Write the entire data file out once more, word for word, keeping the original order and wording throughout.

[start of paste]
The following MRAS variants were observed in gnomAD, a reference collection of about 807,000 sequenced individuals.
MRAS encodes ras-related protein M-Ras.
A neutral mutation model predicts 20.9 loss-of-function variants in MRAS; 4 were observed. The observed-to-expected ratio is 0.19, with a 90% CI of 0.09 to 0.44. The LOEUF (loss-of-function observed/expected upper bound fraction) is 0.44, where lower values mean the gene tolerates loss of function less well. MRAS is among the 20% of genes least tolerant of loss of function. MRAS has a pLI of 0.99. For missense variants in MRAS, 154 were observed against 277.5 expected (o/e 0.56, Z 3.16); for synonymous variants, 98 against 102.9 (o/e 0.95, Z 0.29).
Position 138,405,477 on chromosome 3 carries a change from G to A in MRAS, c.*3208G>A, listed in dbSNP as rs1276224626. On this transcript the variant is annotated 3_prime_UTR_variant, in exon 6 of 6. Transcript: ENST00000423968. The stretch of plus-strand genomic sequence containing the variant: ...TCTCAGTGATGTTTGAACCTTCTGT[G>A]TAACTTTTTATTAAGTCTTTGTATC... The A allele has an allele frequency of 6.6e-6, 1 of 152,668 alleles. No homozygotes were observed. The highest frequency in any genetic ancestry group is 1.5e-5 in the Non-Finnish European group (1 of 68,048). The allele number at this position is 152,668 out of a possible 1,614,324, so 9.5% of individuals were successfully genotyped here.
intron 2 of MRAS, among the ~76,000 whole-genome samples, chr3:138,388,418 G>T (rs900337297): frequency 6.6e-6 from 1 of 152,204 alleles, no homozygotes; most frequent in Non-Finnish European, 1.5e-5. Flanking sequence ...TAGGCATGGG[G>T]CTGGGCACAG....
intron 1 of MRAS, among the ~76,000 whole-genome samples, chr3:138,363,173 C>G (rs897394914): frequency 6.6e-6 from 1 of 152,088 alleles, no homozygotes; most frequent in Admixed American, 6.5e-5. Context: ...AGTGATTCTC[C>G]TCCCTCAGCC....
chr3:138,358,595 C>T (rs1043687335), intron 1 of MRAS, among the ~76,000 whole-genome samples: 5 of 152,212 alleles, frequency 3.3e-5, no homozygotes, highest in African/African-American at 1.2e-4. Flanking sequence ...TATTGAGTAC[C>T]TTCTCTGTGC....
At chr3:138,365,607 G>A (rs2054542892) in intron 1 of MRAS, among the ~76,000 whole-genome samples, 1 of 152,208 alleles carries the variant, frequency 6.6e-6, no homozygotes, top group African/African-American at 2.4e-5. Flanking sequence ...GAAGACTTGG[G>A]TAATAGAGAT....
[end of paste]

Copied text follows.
The following MRAS variants were observed in gnomAD, a reference collection of about 807,000 sequenced individuals.
MRAS encodes ras-related protein M-Ras.
A neutral mutation model predicts 20.9 loss-of-function variants in MRAS; 4 were observed. The observed-to-expected ratio is 0.19, with a 90% CI of 0.09 to 0.44. The LOEUF (loss-of-function observed/expected upper bound fraction) is 0.44, where lower values mean the gene tolerates loss of function less well. MRAS is among the 20% of genes least tolerant of loss of function. MRAS has a pLI of 0.99. For missense variants in MRAS, 154 were observed against 277.5 expected (o/e 0.56, Z 3.16); for synonymous variants, 98 against 102.9 (o/e 0.95, Z 0.29).
Position 138,405,477 on chromosome 3 carries a change from G to A in MRAS, c.*3208G>A, listed in dbSNP as rs1276224626. On this transcript the variant is annotated 3_prime_UTR_variant, in exon 6 of 6. Transcript: ENST00000423968. The stretch of plus-strand genomic sequence containing the variant: ...TCTCAGTGATGTTTGAACCTTCTGT[G>A]TAACTTTTTATTAAGTCTTTGTATC... The A allele has an allele frequency of 6.6e-6, 1 of 152,668 alleles. No homozygotes were observed. The highest frequency in any genetic ancestry group is 1.5e-5 in the Non-Finnish European group (1 of 68,048). The allele number at this position is 152,668 out of a possible 1,614,324, so 9.5% of individuals were successfully genotyped here.
intron 2 of MRAS, among the ~76,000 whole-genome samples, chr3:138,388,418 G>T (rs900337297): frequency 6.6e-6 from 1 of 152,204 alleles, no homozygotes; most frequent in Non-Finnish European, 1.5e-5. Flanking sequence ...TAGGCATGGG[G>T]CTGGGCACAG....
intron 1 of MRAS, among the ~76,000 whole-genome samples, chr3:138,363,173 C>G (rs897394914): frequency 6.6e-6 from 1 of 152,088 alleles, no homozygotes; most frequent in Admixed American, 6.5e-5. Context: ...AGTGATTCTC[C>G]TCCCTCAGCC....
chr3:138,358,595 C>T (rs1043687335), intron 1 of MRAS, among the ~76,000 whole-genome samples: 5 of 152,212 alleles, frequency 3.3e-5, no homozygotes, highest in African/African-American at 1.2e-4. Flanking sequence ...TATTGAGTAC[C>T]TTCTCTGTGC....
At chr3:138,365,607 G>A (rs2054542892) in intron 1 of MRAS, among the ~76,000 whole-genome samples, 1 of 152,208 alleles carries the variant, frequency 6.6e-6, no homozygotes, top group African/African-American at 2.4e-5. Flanking sequence ...GAAGACTTGG[G>A]TAATAGAGAT....